GBA Logo horizontal Facebook LinkedIn Email Pinterest Twitter Instagram YouTube Icon Navigation Search Icon Main Search Icon Video Play Icon Plus Icon Minus Icon Picture icon Hamburger Icon Close Icon Sorted

Community and Q&A

Airsealing at joist plates and along fascia/soffit

1910duplex | Posted in Energy Efficiency and Durability on

So I think I’m actually getting close to figuring out who can do my attic insulation job. (original question and photos here: https://www.greenbuildingadvisor.com/question/insulating-walk-up-attic-in-1910-duplex-in-mixed-humid-climate-4a)

Here’s my question. One company is the low bidder on closed cell foam at roofline, but is completely uninterested with dealing with cracks in the wood siding in the fascia, and one place, where there is a breadbox (?) sized hole in the fascia/soffit. Not sure what, if anything, they would do to airseal around the chimney at roofline, since when I talked to the ‘senior estimator’ about airsealing (a service on his site), he said the closed cell foam takes care of air sealing and wouldn’t discuss anything further.

Another company, which has been a subcontractor for a ‘green design’ company listed on this site, said they would install polyiso boards at the rear and side joist ends, and use mastic to airseal them, as well as reparing the large hole. That, along with installing one second-story storm window, plus the low-bid closed cell foam install quote, is about just $200 less than

Third company, which would install closed-cell foam and pay attention to air sealing details — cutting away flooring at the edges of the attic so that they can reach cracks at bottom of fascia, would air seal at top plates (there are plates over the balloon framing), would air seal around chimney, would put a board against large hole before doing closed cell foam against it.

In all cases, I am following Dana’s advice of a flash and batt approach, two inches of closed cell on slanted roof, one inch in gable walls, and mineral wool batts in the 2 x 8 rafters. We are installing that ourselves rather than paying ($3500 for professional installer to do it. There is 1,000 sq feet of rafters. (And yes, I know it’s going to be a pain, because most of the batts will have to be trimmed to fit the irregular rafter bays).

(The third company’s contract says they do not advise closed cell at roofline, and includes language about them not being responsible for damage at roofline, or any issues of moisture or growth, for what that’s worth).

So here’s my question — is the polyiso board/mastic solution as described above as good as foam sealing over the top plates and foam sealing the cracks at the fascia?

So far, I haven’t been able to find any company that uses HFO blowing agent, but I have asked a follow-up of one other company that wasn’t clear about it.

Thanks!!!

Mara

GBA Prime

Join the leading community of building science experts

Become a GBA Prime member and get instant access to the latest developments in green building, research, and reports from the field.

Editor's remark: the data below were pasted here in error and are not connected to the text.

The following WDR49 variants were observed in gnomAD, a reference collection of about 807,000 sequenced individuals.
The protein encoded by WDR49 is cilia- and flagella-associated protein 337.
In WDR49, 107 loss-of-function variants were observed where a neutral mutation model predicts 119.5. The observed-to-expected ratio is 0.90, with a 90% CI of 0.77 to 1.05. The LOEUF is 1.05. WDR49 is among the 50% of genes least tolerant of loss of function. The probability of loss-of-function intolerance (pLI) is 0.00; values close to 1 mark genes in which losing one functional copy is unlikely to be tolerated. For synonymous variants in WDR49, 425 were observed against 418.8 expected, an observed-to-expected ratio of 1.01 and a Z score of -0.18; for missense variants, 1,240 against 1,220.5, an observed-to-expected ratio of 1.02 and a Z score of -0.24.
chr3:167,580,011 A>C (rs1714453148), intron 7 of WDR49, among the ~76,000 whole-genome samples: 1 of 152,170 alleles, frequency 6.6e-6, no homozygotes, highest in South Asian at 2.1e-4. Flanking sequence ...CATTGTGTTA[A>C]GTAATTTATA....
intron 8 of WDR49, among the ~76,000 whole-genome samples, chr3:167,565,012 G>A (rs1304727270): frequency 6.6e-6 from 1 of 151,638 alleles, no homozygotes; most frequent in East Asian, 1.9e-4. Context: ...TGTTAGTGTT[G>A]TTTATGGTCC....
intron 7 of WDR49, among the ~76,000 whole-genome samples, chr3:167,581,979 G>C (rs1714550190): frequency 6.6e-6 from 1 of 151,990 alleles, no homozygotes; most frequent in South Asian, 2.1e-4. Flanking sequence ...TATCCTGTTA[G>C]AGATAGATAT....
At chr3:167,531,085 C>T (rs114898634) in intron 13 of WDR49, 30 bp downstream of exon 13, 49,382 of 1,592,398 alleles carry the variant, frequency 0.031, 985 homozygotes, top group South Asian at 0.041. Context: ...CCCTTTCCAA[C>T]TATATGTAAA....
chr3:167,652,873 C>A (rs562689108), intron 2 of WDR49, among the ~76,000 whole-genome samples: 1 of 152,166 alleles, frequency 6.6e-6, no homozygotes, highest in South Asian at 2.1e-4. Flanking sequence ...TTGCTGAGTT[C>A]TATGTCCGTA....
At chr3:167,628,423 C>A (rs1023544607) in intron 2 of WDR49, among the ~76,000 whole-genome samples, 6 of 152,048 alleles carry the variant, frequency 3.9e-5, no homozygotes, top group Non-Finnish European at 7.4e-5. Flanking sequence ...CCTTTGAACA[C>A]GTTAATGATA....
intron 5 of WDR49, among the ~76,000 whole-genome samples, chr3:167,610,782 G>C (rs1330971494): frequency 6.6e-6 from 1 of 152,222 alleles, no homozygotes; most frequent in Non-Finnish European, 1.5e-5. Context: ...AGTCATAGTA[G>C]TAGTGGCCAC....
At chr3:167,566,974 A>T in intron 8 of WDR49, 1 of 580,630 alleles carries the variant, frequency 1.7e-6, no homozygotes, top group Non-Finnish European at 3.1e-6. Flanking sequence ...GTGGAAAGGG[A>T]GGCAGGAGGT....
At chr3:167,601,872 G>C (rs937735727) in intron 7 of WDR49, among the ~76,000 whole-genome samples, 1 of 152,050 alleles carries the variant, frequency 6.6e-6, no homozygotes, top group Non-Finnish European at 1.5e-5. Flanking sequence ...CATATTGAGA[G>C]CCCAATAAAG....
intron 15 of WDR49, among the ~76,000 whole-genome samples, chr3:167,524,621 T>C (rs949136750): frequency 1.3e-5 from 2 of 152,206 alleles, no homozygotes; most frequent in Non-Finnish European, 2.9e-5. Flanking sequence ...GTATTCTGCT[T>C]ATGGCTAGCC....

Replies

  1. Expert Member
    BILL WICHERS | | #1

    Ask the company for the MSDS (materials safety data sheet) for whatever foam they will be installing for your project. They are legally obligated to provide you with this info on request. The MSDS will list the EXACT product they will be spraying, from which you can find out what blowing agent will be used. Problem solved, no more question dodging from your contractor :-)

    Usually the spray foam contractors will stuff something into any voids to provide a surface to spray the foam against. The spray foam DOES take care of any air sealing this way, as long as the installers don’t leave any voids.

    I’m not sure from your pics where exactly you want to install the spray foam. If you have any holes to the outside, you probably want to patch those prior to installing spray foam. If you leave open holes, the spray foam will bubble out through the hole and leave a ball on the outside that you’ll need to saw off flush to get a flat surface again. Small cracks usually aren’t a problem, the spray foam will just seal them is all.

    Bill

  2. 1910duplex | | #2

    Most of the closed cell foam will be against gable walls and on the roof decking/skip sheathing. But my question in particular is how best to address air sealing the top of the plates on the balloon framing (also pictured) and the cracks open to the air in the fascia that is very near the floor or even below the floor. As well as the one more substantial hole at fascia/soffit.

  3. vap0rtranz | | #3

    >he said the closed cell foam takes care of air sealing and wouldn’t discuss anything further.

    Well their loss. One contractor, who I eventually went with, was happy to air seal other areas, like window sills, attic hatches, etc. even though we opted to DIY that to save on labor. If a business isn't interesting in doing what you want, then why keep at them?

    >We are installing that ourselves rather than paying

    That's what we did as well. Got the professionals to spray, and are doing the batt part of flash-n-batt ourselves.

    Is the basic question: whose best to plug holes? I guess I'm not following what's left to answer. You've got 3 contractors giving bids and some won't do all that you want.

  4. 1910duplex | | #4

    My question was whether the rigid foam and mastic was a better approach than spray foam to deal with the top of the balloon framing or cracks that are difficult to reach from the attic floor.

    Are you also doing rockwool batts, or fiberglass? If the former, do you have any lessons learned?

Log in or create an account to post an answer.

Community

Recent Questions and Replies

  • |
  • |
  • |
  • |